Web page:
The only Indians they were able to coopt or coerce into their games were their social equals they considered to be their racial inferiors trying to move up the social ladder — from the scullery to the football pitch.

‘Nice’ Indian children were thus warned to stay away from this sport, study hard, play tennis, cricket and badminton and excel.

This attitude accompanied the Post Second World War immigrants from South Asia. In the UK they populated working class neighborhoods and the life-style of their neighbors only vindicated their inborn attitude. So they resurrected the role model of the successful middle class individual ‘back home’ who played cricket and wore bespoke western clothes with a flair. It also helped that the same Asian role model was actually available in the UK in a doctor’s surgery or a pharmacy. So football had no place in this mindset, and even less so when the sport’s associated hooligans started appearing on the front pages.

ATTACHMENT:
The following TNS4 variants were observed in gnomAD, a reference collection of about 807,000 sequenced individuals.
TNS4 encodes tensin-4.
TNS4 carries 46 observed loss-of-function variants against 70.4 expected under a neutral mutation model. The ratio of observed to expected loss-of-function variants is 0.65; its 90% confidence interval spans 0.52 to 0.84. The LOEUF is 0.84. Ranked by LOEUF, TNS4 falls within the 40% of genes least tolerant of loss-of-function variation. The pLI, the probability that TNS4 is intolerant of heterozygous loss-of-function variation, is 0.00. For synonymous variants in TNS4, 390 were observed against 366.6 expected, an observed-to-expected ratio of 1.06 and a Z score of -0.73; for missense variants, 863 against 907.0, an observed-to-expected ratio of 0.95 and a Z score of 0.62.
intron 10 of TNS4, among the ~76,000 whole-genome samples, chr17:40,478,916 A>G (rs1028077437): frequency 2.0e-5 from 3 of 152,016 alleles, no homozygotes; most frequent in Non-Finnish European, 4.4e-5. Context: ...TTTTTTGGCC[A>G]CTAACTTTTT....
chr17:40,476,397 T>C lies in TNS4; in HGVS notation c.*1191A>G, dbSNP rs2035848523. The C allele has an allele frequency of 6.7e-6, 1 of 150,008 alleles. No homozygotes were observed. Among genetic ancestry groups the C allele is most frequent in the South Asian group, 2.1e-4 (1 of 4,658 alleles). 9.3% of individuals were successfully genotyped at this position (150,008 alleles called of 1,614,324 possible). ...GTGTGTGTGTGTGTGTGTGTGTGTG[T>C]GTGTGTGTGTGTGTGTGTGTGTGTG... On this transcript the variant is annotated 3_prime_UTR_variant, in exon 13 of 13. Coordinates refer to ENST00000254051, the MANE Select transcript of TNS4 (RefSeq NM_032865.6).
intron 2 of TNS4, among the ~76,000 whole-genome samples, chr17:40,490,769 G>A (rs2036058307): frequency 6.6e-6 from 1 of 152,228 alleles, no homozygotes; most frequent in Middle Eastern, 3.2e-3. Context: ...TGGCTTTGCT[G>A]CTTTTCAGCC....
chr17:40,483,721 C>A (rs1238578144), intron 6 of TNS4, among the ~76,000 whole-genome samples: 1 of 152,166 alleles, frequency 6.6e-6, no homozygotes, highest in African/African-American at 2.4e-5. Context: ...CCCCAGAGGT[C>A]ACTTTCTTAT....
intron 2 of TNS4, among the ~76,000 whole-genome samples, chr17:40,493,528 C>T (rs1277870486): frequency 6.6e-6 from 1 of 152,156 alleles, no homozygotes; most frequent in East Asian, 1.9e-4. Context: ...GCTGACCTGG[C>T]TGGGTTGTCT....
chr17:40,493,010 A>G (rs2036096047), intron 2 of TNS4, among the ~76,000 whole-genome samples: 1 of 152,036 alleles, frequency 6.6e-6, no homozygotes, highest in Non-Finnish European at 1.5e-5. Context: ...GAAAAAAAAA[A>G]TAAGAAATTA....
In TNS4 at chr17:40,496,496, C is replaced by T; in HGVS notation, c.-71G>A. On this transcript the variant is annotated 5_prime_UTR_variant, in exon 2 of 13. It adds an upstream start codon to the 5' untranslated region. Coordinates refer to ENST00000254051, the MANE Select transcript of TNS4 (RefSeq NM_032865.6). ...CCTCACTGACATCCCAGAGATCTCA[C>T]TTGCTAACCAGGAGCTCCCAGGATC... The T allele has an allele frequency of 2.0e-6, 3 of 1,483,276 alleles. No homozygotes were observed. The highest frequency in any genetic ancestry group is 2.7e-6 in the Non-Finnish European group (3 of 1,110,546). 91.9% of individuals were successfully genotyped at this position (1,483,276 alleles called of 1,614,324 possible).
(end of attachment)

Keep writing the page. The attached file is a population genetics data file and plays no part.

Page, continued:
Perhaps Asians are the United Kingdom’s most prosperous community because they stuck to South Asian middle class goals and values which, with a spot of tennis or cricket, led them from corner shops to pharmacies, hospitals and universities, rather than football pitches.

Time, though, will ensure that worries about the Asian community’s degree of cultural integration are laid to rest. After all, they already have their street gangs.

The current generation or the next one will, sooner or later, end up bending it like Beckham. They might even start mortgaging their pharmacies to fill charter seats for binge drinking holidays in Majorca! And it may be hoped that the Brits will then stop moaning about the insufficient integration of its most prosperous wealth-creators.

BBC Asian Network allergic to Asian Christians

Discrimination and persecution make a hearty meal of silence and invisibility.; Right – a typical Asian Church in Souhtall, London!

BBC Asian Network delightfully intersperses the United Kingdom’s Asian Diaspora issues with music, news, interviews and phone-ins.  When relevant, the DJs often collectively address Hindus, Muslims and Sikhs, but I have yet to hear them including the quarter million or so Asian Christians or Zoroastrian subjects flitting on the Kingdom’s landscape. And so, wherever they might be, oriental Christians remain invisible to the Western World waiting to be brutally killed before catalyzing dead-end political semantics.

Discrimination and persecution make a hearty meal of silence and invisibility.

Accordingly, Invisible Diaspora, edited by Knut Jacobsen and S. J. Raj and published by  Ashgate (2007), draws together studies of South Asian Christians in Europe and North America.